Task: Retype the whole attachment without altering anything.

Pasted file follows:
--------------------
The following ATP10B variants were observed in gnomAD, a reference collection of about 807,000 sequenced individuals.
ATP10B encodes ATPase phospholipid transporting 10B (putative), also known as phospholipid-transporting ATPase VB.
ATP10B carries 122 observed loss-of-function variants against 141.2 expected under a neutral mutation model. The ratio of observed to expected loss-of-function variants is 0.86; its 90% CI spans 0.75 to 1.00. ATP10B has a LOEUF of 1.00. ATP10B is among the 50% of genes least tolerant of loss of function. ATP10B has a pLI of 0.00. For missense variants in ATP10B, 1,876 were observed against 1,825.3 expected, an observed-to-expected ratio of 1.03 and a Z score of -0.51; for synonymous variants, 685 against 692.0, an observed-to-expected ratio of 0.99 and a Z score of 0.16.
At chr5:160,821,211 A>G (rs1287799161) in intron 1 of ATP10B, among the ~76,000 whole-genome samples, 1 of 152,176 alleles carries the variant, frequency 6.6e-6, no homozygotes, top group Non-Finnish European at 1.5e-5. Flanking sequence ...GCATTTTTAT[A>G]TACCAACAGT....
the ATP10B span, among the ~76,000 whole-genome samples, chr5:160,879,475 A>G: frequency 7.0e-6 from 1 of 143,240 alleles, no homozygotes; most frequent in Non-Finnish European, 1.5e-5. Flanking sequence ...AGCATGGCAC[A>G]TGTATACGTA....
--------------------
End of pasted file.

The following ATP10B variants were observed in gnomAD, a reference collection of about 807,000 sequenced individuals.
ATP10B encodes ATPase phospholipid transporting 10B (putative), also known as phospholipid-transporting ATPase VB.
ATP10B carries 122 observed loss-of-function variants against 141.2 expected under a neutral mutation model. The ratio of observed to expected loss-of-function variants is 0.86; its 90% CI spans 0.75 to 1.00. ATP10B has a LOEUF of 1.00. ATP10B is among the 50% of genes least tolerant of loss of function. ATP10B has a pLI of 0.00. For missense variants in ATP10B, 1,876 were observed against 1,825.3 expected, an observed-to-expected ratio of 1.03 and a Z score of -0.51; for synonymous variants, 685 against 692.0, an observed-to-expected ratio of 0.99 and a Z score of 0.16.
At chr5:160,821,211 A>G (rs1287799161) in intron 1 of ATP10B, among the ~76,000 whole-genome samples, 1 of 152,176 alleles carries the variant, frequency 6.6e-6, no homozygotes, top group Non-Finnish European at 1.5e-5. Flanking sequence ...GCATTTTTAT[A>G]TACCAACAGT....
the ATP10B span, among the ~76,000 whole-genome samples, chr5:160,879,475 A>G: frequency 7.0e-6 from 1 of 143,240 alleles, no homozygotes; most frequent in Non-Finnish European, 1.5e-5. Flanking sequence ...AGCATGGCAC[A>G]TGTATACGTA....